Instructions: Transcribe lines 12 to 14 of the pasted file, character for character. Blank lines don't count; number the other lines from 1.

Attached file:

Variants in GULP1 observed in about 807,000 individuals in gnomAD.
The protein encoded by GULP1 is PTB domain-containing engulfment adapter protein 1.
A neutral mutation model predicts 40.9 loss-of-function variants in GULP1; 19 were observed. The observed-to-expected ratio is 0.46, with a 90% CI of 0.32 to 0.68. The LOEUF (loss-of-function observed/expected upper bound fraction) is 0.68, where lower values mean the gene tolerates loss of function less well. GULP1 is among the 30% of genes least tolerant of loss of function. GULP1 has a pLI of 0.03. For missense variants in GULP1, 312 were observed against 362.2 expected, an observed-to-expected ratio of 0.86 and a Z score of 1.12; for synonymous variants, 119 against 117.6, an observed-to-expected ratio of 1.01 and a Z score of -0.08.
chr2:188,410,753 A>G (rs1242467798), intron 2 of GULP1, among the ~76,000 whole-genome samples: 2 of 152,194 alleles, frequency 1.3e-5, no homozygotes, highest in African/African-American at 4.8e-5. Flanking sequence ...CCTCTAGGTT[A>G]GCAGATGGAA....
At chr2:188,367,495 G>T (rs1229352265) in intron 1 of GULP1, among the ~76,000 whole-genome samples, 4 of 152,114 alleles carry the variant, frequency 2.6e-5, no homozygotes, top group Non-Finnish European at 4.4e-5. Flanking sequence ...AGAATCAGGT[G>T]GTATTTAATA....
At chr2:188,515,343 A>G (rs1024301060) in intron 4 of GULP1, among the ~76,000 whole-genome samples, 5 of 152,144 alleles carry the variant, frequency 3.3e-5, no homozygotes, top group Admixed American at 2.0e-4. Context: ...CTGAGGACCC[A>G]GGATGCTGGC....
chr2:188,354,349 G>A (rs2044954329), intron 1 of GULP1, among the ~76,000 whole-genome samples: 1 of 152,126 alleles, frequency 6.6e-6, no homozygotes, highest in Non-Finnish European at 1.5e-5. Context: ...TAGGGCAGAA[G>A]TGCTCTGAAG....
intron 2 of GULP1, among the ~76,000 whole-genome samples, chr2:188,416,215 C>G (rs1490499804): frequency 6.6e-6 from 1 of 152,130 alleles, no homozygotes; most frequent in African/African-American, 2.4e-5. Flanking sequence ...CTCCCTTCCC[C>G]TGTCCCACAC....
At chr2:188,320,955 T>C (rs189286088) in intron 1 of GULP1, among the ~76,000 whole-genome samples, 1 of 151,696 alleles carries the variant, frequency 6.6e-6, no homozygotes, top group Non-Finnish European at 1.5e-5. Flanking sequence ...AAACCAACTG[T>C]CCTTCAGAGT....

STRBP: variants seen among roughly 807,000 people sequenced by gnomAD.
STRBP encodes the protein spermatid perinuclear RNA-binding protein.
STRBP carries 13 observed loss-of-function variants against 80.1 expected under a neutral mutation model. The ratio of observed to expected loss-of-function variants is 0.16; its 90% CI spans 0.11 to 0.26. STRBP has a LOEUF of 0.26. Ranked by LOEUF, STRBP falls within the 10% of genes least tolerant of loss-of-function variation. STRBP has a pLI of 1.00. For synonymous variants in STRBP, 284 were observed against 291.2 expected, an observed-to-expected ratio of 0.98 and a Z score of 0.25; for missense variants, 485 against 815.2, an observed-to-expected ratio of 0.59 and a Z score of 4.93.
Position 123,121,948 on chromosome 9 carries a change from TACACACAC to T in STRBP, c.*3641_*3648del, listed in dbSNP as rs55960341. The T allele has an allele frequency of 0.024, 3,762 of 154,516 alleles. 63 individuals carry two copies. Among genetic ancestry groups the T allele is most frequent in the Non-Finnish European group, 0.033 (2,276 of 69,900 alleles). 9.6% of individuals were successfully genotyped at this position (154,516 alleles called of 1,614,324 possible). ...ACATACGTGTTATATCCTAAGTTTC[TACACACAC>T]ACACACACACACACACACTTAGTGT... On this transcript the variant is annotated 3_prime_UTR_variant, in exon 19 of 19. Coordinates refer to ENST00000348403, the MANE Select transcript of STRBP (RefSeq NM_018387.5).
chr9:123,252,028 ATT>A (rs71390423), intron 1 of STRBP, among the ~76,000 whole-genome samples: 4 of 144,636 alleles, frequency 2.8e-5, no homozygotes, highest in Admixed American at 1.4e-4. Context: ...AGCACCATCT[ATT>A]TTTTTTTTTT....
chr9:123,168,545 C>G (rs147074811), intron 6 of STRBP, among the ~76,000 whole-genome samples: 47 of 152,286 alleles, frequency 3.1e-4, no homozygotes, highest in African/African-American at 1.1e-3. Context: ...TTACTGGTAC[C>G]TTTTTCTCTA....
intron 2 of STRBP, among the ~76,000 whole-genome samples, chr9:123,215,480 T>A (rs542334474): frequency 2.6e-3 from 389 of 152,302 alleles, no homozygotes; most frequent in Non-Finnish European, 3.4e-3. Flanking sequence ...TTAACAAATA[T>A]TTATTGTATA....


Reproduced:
STRBP carries 13 observed loss-of-function variants against 80.1 expected under a neutral mutation model. The ratio of observed to expected loss-of-function variants is 0.16; its 90% CI spans 0.11 to 0.26. STRBP has a LOEUF of 0.26. Ranked by LOEUF, STRBP falls within the 10% of genes least tolerant of loss-of-function variation. STRBP has a pLI of 1.00. For synonymous variants in STRBP, 284 were observed against 291.2 expected, an observed-to-expected ratio of 0.98 and a Z score of 0.25; for missense variants, 485 against 815.2, an observed-to-expected ratio of 0.59 and a Z score of 4.93.
Position 123,121,948 on chromosome 9 carries a change from TACACACAC to T in STRBP, c.*3641_*3648del, listed in dbSNP as rs55960341. The T allele has an allele frequency of 0.024, 3,762 of 154,516 alleles. 63 individuals carry two copies. Among genetic ancestry groups the T allele is most frequent in the Non-Finnish European group, 0.033 (2,276 of 69,900 alleles). 9.6% of individuals were successfully genotyped at this position (154,516 alleles called of 1,614,324 possible). ...ACATACGTGTTATATCCTAAGTTTC[TACACACAC>T]ACACACACACACACACACTTAGTGT... On this transcript the variant is annotated 3_prime_UTR_variant, in exon 19 of 19. Coordinates refer to ENST00000348403, the MANE Select transcript of STRBP (RefSeq NM_018387.5).
chr9:123,252,028 ATT>A (rs71390423), intron 1 of STRBP, among the ~76,000 whole-genome samples: 4 of 144,636 alleles, frequency 2.8e-5, no homozygotes, highest in Admixed American at 1.4e-4. Context: ...AGCACCATCT[ATT>A]TTTTTTTTTT....